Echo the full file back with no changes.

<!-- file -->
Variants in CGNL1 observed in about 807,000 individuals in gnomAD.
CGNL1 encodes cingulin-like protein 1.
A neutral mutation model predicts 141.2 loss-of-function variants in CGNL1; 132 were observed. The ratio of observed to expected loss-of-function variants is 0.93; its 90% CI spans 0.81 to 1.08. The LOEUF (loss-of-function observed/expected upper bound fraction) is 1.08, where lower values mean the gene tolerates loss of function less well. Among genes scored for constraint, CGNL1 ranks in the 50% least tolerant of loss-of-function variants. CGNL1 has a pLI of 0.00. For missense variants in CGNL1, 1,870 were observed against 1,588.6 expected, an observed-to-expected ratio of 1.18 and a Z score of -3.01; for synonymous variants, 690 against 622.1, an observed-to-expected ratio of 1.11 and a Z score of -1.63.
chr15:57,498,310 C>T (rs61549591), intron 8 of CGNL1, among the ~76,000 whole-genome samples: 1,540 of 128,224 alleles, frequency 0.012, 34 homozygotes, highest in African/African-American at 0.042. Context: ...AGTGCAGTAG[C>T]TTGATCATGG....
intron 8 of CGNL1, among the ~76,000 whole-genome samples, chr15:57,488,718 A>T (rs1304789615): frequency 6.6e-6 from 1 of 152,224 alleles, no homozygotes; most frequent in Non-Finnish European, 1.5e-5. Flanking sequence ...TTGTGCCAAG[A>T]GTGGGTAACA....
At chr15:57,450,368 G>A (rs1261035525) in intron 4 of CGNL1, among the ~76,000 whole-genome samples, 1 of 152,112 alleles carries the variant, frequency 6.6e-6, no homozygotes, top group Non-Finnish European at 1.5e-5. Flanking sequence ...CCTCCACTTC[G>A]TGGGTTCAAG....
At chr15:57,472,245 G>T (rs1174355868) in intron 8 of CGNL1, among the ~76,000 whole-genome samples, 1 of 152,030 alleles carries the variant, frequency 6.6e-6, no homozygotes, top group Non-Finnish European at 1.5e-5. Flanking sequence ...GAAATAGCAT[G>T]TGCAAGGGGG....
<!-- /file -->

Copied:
Variants in CGNL1 observed in about 807,000 individuals in gnomAD.
CGNL1 encodes cingulin-like protein 1.
A neutral mutation model predicts 141.2 loss-of-function variants in CGNL1; 132 were observed. The ratio of observed to expected loss-of-function variants is 0.93; its 90% CI spans 0.81 to 1.08. The LOEUF (loss-of-function observed/expected upper bound fraction) is 1.08, where lower values mean the gene tolerates loss of function less well. Among genes scored for constraint, CGNL1 ranks in the 50% least tolerant of loss-of-function variants. CGNL1 has a pLI of 0.00. For missense variants in CGNL1, 1,870 were observed against 1,588.6 expected, an observed-to-expected ratio of 1.18 and a Z score of -3.01; for synonymous variants, 690 against 622.1, an observed-to-expected ratio of 1.11 and a Z score of -1.63.
chr15:57,498,310 C>T (rs61549591), intron 8 of CGNL1, among the ~76,000 whole-genome samples: 1,540 of 128,224 alleles, frequency 0.012, 34 homozygotes, highest in African/African-American at 0.042. Context: ...AGTGCAGTAG[C>T]TTGATCATGG....
intron 8 of CGNL1, among the ~76,000 whole-genome samples, chr15:57,488,718 A>T (rs1304789615): frequency 6.6e-6 from 1 of 152,224 alleles, no homozygotes; most frequent in Non-Finnish European, 1.5e-5. Flanking sequence ...TTGTGCCAAG[A>T]GTGGGTAACA....
At chr15:57,450,368 G>A (rs1261035525) in intron 4 of CGNL1, among the ~76,000 whole-genome samples, 1 of 152,112 alleles carries the variant, frequency 6.6e-6, no homozygotes, top group Non-Finnish European at 1.5e-5. Flanking sequence ...CCTCCACTTC[G>A]TGGGTTCAAG....
At chr15:57,472,245 G>T (rs1174355868) in intron 8 of CGNL1, among the ~76,000 whole-genome samples, 1 of 152,030 alleles carries the variant, frequency 6.6e-6, no homozygotes, top group Non-Finnish European at 1.5e-5. Flanking sequence ...GAAATAGCAT[G>T]TGCAAGGGGG....